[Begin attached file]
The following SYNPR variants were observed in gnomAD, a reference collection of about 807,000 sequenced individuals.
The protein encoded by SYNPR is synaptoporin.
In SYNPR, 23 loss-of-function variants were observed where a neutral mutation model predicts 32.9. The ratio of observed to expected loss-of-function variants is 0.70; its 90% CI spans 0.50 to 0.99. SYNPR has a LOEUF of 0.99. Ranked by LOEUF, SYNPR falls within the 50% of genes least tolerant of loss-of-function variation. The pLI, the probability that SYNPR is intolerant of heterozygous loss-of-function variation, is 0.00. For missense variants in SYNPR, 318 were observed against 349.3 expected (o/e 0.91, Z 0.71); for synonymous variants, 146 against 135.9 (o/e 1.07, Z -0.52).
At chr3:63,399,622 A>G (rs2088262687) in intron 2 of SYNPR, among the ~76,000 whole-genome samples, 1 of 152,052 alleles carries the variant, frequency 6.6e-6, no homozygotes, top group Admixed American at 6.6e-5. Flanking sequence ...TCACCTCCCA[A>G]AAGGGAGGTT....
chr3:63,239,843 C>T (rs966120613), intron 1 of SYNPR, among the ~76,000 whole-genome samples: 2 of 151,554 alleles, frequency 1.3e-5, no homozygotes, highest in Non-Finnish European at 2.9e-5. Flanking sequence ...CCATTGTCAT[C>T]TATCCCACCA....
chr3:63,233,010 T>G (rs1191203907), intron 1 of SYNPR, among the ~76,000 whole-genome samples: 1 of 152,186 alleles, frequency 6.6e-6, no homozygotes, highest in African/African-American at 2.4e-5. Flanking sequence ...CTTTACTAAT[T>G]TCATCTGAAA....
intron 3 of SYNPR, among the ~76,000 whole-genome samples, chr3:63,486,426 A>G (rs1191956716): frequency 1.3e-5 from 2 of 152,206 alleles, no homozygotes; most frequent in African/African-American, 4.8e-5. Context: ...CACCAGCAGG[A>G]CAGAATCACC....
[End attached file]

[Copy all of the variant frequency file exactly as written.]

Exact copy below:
The following SYNPR variants were observed in gnomAD, a reference collection of about 807,000 sequenced individuals.
The protein encoded by SYNPR is synaptoporin.
In SYNPR, 23 loss-of-function variants were observed where a neutral mutation model predicts 32.9. The ratio of observed to expected loss-of-function variants is 0.70; its 90% CI spans 0.50 to 0.99. SYNPR has a LOEUF of 0.99. Ranked by LOEUF, SYNPR falls within the 50% of genes least tolerant of loss-of-function variation. The pLI, the probability that SYNPR is intolerant of heterozygous loss-of-function variation, is 0.00. For missense variants in SYNPR, 318 were observed against 349.3 expected (o/e 0.91, Z 0.71); for synonymous variants, 146 against 135.9 (o/e 1.07, Z -0.52).
At chr3:63,399,622 A>G (rs2088262687) in intron 2 of SYNPR, among the ~76,000 whole-genome samples, 1 of 152,052 alleles carries the variant, frequency 6.6e-6, no homozygotes, top group Admixed American at 6.6e-5. Flanking sequence ...TCACCTCCCA[A>G]AAGGGAGGTT....
chr3:63,239,843 C>T (rs966120613), intron 1 of SYNPR, among the ~76,000 whole-genome samples: 2 of 151,554 alleles, frequency 1.3e-5, no homozygotes, highest in Non-Finnish European at 2.9e-5. Flanking sequence ...CCATTGTCAT[C>T]TATCCCACCA....
chr3:63,233,010 T>G (rs1191203907), intron 1 of SYNPR, among the ~76,000 whole-genome samples: 1 of 152,186 alleles, frequency 6.6e-6, no homozygotes, highest in African/African-American at 2.4e-5. Flanking sequence ...CTTTACTAAT[T>G]TCATCTGAAA....
intron 3 of SYNPR, among the ~76,000 whole-genome samples, chr3:63,486,426 A>G (rs1191956716): frequency 1.3e-5 from 2 of 152,206 alleles, no homozygotes; most frequent in African/African-American, 4.8e-5. Context: ...CACCAGCAGG[A>G]CAGAATCACC....